While most of us do business every day, we barely write a plan for that. But when it comes to starting a business all of a sudden people start asking for a business plan. While this might seem odd at first, there is good reason behind all this.

A plan is not just for some unknown investor–it is for you and your team! I am a great fan of focus and commitment. In order to survive the ups and downs in startups you have to fit a certain profile. However, knowing where your partners are saying they are and handing in a written document stating this are two separate things. Manifesting this commitment in written form has usually a deep impact on people and I am sure that if you haven’t done so already, you will see what conversations you will spur doing so.

A plan is about a vision you should have and be able to communicate. In seed and early stages, a business plan is barely ever going to predict what’s going to happen in the long run. Even short to medium term is hard when your product doesn’t exist yet or is still a prototype. But aside from getting everyone on the same page (literally), a business plan is also a good indicator of how well your idea is crafted, if you can see beyond the initial product, having a vision that is greater than just developing something and hoping for people to come.

A business plan is the acid test of a relationship. Some businesses don’t qualify as an investment because they are service based instead of product based (I will dedicate another post to this later). Seeing through your idea and understanding what you have in mind is exactly one thing you should be able to reveal concisely and focused. When you pull an investor on board, you need to be effective in your communication in order to work on what’s most important: the product. And trust me: I don’t enjoy sitting in a shareholders meeting for 4 hours (and yes, I did have that as well).

Planning involves some basic knowledge about business and shows how good you are aside from product-based development. In order to write a complete business plan, you should have some knowledge about the market (past, present, and future trends), competition, and financial planning. If you miss out on any one of this completely, it might indicate a lack you might not have identified. I don’t expect engineers to run sophisticated LBO-models but instead justify their financial needs as well as proving some sanity in the numbers. After all, business is about numbers.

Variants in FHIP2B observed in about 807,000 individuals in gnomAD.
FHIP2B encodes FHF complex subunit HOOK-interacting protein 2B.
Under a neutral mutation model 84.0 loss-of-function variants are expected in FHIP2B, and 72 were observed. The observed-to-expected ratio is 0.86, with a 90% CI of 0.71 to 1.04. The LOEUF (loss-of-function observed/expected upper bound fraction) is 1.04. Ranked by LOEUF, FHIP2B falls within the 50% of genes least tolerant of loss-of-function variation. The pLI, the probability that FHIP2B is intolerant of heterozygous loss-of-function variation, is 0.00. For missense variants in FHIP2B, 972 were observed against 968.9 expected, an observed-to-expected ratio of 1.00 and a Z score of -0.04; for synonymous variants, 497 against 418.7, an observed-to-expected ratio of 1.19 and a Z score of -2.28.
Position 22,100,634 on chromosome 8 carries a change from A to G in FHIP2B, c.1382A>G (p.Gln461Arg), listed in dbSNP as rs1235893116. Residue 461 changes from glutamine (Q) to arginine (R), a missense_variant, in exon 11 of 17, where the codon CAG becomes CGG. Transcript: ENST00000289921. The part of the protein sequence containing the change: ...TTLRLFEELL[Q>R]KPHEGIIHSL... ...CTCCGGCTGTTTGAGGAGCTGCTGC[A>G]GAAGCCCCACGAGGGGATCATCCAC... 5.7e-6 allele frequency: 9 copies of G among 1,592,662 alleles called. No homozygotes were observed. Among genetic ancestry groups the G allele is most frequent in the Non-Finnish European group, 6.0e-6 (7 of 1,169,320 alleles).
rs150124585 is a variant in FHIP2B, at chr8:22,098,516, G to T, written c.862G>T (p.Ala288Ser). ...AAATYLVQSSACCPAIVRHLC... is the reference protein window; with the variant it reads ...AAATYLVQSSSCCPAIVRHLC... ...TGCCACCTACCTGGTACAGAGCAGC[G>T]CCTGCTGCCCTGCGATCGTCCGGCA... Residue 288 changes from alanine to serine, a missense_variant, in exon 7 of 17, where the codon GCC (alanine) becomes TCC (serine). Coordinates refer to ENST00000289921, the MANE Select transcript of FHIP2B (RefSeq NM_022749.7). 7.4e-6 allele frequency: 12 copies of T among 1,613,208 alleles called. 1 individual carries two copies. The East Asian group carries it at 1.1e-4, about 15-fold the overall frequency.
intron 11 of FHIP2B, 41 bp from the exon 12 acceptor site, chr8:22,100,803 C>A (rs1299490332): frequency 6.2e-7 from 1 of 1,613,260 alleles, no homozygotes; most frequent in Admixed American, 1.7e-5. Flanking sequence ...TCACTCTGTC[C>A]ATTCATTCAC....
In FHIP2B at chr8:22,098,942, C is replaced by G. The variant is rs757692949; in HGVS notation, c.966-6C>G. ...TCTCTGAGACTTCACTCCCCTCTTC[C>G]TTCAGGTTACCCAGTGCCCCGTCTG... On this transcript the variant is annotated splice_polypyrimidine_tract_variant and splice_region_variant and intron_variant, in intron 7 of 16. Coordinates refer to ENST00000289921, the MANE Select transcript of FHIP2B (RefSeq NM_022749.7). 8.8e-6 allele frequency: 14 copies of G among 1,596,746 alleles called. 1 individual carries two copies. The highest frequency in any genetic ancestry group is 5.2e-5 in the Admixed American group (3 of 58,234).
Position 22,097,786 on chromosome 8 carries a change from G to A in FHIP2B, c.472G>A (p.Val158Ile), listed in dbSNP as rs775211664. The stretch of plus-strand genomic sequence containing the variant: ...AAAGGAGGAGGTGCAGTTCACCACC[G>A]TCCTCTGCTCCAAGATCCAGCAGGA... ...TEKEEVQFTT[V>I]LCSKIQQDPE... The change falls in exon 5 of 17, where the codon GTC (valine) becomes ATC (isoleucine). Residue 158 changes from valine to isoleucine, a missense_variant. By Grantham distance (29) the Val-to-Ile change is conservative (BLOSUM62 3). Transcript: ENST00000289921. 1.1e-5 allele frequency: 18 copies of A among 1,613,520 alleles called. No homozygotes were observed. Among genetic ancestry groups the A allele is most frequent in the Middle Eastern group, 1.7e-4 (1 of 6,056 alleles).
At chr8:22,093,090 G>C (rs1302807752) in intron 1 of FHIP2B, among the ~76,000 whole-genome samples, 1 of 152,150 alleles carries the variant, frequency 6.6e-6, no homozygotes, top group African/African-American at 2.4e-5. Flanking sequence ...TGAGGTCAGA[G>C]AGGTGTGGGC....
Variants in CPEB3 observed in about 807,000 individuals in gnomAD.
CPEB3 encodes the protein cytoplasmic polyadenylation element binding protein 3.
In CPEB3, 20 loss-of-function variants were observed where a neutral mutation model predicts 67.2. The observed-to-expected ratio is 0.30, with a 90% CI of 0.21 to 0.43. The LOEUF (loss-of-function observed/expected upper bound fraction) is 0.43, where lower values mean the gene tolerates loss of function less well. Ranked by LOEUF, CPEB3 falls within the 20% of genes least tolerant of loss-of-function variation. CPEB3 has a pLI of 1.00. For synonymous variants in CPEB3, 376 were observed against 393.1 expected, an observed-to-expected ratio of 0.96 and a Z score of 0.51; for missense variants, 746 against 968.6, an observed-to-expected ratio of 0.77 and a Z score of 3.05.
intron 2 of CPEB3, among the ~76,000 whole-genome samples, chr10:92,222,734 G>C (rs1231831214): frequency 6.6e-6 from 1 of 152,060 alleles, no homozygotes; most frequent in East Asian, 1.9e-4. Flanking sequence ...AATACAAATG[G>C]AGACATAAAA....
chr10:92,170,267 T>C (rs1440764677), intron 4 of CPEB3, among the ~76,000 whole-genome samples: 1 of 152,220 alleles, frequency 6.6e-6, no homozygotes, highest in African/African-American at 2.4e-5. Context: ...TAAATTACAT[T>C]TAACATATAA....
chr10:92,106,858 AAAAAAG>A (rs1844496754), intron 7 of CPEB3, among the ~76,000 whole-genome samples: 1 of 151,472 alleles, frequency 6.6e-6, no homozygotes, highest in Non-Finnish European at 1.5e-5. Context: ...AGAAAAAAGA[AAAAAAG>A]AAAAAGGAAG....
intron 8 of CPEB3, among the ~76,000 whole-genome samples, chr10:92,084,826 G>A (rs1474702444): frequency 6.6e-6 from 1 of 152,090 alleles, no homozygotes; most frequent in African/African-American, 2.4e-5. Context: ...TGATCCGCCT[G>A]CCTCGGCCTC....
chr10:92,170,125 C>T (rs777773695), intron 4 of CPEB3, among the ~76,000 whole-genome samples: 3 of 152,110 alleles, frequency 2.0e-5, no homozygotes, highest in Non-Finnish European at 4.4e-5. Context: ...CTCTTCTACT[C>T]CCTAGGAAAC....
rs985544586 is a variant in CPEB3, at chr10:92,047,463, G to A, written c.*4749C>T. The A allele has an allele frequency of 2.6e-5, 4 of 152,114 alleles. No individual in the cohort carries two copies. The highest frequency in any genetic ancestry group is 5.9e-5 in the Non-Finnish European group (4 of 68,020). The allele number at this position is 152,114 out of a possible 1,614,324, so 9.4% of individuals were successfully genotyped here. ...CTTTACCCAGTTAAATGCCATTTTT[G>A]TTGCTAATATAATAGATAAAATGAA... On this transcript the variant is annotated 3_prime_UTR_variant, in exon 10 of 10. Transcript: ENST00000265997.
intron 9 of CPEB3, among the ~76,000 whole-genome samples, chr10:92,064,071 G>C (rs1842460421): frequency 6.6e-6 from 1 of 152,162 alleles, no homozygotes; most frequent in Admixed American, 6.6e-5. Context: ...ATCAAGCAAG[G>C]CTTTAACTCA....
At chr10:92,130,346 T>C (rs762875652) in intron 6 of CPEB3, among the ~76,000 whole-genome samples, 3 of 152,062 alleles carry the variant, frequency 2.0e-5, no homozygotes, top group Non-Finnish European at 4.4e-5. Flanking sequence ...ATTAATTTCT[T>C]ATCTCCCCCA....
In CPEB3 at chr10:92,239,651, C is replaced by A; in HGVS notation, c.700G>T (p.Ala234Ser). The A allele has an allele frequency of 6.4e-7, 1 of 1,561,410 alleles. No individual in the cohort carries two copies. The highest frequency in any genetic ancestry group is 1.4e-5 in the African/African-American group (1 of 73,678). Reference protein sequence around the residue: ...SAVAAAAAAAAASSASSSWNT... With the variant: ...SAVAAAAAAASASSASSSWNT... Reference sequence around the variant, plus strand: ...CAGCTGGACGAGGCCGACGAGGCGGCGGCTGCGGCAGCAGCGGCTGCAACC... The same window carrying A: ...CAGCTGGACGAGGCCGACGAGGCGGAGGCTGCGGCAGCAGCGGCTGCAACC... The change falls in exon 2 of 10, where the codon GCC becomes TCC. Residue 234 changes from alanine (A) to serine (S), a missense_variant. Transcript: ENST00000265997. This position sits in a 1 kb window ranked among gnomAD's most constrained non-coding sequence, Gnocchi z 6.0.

About the validity of the plan in comparison to real life remains something for future to prove. We have barely seen a plan that was hit by the buck (most under- or overperformed tremendously). And I know some investors use business plans to make sure that they have something in writing that does not conflict with their investment limitations (e.g. geography, industry). However, I have also seen some companies go down because investors were tying their future tranches to certain milestones.

So, regard the document as a form to come to a mutual understanding for all parties. And make sure your investor knows where you are in your plan. Once we start being interested, we will monitor your business closely, checking it with your business plan. We have seen startups hitting milestone after milestone according to plan and hence gaining a lot of momentum and outrageous valuations.